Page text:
Klinsmann wins the argument even after defeat
DORTMUND, July 5 (Reuters) Juergen Klinsmann said before the World Cup he needed positive results to gain credibility and safeguard a legacy for the German team.
Leading Germany to a fourth World Cup victory proved beyond the novice coach, after an Italian side with a touch more quality clinched a memorable 2-0 win in extra-time in the semi-final in Dortmund yesterday.
Yet reaching the last four with a young team playing such positive football has done more than enough to win over the sceptics in the German football establishment and give him credit to extend his contract if he so chooses.
It remains to be seen if he will accept the challenge of leading Germany's qualification campaign for the 2008 European Championship If he stays, the calls for him to move back from California to Germany permanently will only increase and he may decide a return to the relative anonymity of life outside football suits him better.
But whatever happens after the third-place match in Stuttgart on Saturday, the coach can be confident that he has won the argument.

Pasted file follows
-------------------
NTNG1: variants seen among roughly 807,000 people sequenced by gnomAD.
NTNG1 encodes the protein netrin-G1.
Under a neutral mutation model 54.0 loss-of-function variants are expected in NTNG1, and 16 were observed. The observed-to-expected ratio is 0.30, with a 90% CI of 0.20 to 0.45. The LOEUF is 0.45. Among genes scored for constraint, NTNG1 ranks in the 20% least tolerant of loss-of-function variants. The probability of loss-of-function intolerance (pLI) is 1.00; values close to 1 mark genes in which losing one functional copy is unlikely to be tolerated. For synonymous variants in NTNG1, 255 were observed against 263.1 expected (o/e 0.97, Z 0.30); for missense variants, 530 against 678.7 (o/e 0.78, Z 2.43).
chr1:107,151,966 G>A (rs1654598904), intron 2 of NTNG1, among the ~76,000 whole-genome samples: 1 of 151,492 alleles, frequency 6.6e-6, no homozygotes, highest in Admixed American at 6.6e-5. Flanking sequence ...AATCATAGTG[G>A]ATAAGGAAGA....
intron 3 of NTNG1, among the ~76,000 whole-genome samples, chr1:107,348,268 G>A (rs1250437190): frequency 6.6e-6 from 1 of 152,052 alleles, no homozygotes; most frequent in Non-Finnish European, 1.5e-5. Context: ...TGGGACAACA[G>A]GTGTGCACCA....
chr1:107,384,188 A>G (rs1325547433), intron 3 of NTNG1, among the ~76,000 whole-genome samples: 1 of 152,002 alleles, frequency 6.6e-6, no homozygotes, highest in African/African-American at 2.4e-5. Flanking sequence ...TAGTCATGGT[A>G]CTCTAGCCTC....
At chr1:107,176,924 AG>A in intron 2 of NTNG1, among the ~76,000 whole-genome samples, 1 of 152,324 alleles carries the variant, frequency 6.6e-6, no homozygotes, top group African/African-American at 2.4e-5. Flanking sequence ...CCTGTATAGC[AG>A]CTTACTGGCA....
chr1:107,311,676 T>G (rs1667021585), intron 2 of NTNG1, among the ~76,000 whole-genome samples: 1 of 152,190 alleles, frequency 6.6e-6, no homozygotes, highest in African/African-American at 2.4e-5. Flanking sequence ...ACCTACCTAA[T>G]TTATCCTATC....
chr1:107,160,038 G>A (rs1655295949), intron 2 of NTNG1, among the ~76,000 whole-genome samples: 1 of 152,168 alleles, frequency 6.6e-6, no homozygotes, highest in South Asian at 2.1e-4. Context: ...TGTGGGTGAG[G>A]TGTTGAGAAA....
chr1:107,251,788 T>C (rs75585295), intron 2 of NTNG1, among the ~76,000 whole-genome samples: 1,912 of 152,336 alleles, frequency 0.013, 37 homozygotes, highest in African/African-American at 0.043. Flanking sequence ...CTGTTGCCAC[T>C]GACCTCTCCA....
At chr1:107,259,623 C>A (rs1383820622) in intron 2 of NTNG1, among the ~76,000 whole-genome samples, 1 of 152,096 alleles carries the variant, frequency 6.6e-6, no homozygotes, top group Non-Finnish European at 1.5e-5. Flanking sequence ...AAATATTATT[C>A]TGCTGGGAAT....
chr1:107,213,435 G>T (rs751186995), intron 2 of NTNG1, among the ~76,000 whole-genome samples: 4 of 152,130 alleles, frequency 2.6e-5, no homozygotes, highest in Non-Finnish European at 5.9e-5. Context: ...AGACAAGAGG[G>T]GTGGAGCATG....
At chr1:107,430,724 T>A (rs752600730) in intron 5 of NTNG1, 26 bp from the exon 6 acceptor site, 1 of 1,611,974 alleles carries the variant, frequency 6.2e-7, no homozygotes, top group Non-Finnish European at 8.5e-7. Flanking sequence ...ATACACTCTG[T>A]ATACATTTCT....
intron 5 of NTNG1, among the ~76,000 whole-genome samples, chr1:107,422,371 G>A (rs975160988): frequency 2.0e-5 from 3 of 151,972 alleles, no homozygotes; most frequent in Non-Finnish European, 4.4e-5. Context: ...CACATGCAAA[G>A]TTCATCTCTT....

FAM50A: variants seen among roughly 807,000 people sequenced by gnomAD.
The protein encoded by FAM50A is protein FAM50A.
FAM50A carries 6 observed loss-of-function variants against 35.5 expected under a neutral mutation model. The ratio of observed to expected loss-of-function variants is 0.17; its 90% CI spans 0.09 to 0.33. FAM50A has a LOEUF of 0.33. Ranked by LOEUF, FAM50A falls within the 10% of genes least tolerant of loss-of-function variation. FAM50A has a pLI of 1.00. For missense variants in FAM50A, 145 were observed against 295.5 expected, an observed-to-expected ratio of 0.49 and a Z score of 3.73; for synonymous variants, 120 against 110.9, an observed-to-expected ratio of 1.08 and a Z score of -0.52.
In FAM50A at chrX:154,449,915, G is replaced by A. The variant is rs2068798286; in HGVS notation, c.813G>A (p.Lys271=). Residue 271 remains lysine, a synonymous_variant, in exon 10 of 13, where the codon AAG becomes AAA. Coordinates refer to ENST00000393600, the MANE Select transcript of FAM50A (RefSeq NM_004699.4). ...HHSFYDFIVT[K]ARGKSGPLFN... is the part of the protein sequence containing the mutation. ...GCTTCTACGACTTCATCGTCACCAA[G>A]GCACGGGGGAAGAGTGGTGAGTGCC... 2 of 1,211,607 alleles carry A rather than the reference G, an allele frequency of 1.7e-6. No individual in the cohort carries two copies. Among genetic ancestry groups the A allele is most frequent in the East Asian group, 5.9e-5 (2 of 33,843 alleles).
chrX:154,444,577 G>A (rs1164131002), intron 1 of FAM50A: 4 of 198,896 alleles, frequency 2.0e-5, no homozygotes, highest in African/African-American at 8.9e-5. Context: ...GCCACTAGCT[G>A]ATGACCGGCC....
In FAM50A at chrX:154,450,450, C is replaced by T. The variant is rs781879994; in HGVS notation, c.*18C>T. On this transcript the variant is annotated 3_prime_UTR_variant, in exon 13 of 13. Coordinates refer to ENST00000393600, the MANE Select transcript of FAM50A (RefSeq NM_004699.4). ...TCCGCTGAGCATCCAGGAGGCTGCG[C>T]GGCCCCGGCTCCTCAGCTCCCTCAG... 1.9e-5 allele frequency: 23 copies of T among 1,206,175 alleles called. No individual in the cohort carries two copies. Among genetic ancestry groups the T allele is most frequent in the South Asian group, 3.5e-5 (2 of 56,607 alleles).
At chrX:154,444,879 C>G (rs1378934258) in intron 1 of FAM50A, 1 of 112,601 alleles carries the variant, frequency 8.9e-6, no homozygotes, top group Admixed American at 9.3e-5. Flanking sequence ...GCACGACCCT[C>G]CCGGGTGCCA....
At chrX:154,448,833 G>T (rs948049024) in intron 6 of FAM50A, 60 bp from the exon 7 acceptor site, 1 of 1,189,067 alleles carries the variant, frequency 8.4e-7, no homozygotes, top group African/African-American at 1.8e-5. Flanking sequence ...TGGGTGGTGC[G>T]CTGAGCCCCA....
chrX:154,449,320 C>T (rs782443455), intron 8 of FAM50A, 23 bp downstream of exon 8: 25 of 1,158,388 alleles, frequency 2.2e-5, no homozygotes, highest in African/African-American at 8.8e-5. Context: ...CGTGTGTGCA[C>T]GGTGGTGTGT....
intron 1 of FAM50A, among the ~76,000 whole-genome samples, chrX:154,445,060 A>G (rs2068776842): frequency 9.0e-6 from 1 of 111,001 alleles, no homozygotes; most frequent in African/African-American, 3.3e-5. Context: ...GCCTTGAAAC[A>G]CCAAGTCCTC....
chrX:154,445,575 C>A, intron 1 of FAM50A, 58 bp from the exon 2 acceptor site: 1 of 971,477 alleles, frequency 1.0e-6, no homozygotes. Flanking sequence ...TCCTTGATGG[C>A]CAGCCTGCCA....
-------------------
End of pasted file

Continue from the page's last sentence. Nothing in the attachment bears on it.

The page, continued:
PROMISING YOUNG Klinsmann's philosophy in his first job as coach was to trust in promising young players, while instilling in them the belief that they had no reason to fear any opponents.
He encouraged his squad to be daring in attack and watched them cast off the fear of failure that has dogged German teams at recent tournaments.
''It is absolutely unimportant what happens with me,'' Klinsmann told reporters after the Italy defeat. ''I'm going to let this sink in for a few days and talk with my family.
''What does matter is that this team showed how fantastic they were. They played fast-paced football, with total passion and they showed they can keep up with the best in the world.'' They should have an even better chance of success in the next major tournament in Austria and Switzerland in two years' time.
Of the players that featured against Italy, Per Mertesacker, Bastian Schweinsteiger and Lukas Podolski are only 21, and Philipp Lahm and David Odonkor are 22.
The senior players on the team, like the 28-year-old Miroslav Klose, who scored five goals, and the 29-year-old midfielders Michael Ballack and Torsten Frings will also have plenty still to offer.
There will hardly be a soul in Germany who is not urging Klinsmann to see through the work he has started but even if he decides to bow out now the team will bear his influence for a long time to come.
Reuters PDS GC1601